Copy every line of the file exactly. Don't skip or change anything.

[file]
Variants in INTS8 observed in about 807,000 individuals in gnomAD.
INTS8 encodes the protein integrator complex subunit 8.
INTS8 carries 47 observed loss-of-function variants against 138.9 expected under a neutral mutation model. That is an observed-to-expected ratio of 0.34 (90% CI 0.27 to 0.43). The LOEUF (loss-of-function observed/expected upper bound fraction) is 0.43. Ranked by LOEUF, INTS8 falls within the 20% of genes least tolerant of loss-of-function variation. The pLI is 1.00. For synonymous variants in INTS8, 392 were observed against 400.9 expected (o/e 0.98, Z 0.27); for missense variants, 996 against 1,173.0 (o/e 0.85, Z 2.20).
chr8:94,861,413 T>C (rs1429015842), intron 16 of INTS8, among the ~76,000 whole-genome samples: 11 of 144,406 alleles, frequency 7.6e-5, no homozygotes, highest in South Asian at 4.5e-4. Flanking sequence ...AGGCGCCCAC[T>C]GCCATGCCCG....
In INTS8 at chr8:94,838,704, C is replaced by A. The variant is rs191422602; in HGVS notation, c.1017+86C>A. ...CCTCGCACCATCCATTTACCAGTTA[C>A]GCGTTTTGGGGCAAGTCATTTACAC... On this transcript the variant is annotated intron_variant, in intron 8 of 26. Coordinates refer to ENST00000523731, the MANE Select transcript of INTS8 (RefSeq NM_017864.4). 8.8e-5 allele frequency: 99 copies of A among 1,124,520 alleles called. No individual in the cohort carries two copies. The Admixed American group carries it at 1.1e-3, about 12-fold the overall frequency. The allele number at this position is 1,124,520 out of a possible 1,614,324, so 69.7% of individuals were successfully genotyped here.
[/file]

Variants in INTS8 observed in about 807,000 individuals in gnomAD.
INTS8 encodes the protein integrator complex subunit 8.
INTS8 carries 47 observed loss-of-function variants against 138.9 expected under a neutral mutation model. That is an observed-to-expected ratio of 0.34 (90% CI 0.27 to 0.43). The LOEUF (loss-of-function observed/expected upper bound fraction) is 0.43. Ranked by LOEUF, INTS8 falls within the 20% of genes least tolerant of loss-of-function variation. The pLI is 1.00. For synonymous variants in INTS8, 392 were observed against 400.9 expected (o/e 0.98, Z 0.27); for missense variants, 996 against 1,173.0 (o/e 0.85, Z 2.20).
chr8:94,861,413 T>C (rs1429015842), intron 16 of INTS8, among the ~76,000 whole-genome samples: 11 of 144,406 alleles, frequency 7.6e-5, no homozygotes, highest in South Asian at 4.5e-4. Flanking sequence ...AGGCGCCCAC[T>C]GCCATGCCCG....
In INTS8 at chr8:94,838,704, C is replaced by A. The variant is rs191422602; in HGVS notation, c.1017+86C>A. ...CCTCGCACCATCCATTTACCAGTTA[C>A]GCGTTTTGGGGCAAGTCATTTACAC... On this transcript the variant is annotated intron_variant, in intron 8 of 26. Coordinates refer to ENST00000523731, the MANE Select transcript of INTS8 (RefSeq NM_017864.4). 8.8e-5 allele frequency: 99 copies of A among 1,124,520 alleles called. No individual in the cohort carries two copies. The Admixed American group carries it at 1.1e-3, about 12-fold the overall frequency. The allele number at this position is 1,124,520 out of a possible 1,614,324, so 69.7% of individuals were successfully genotyped here.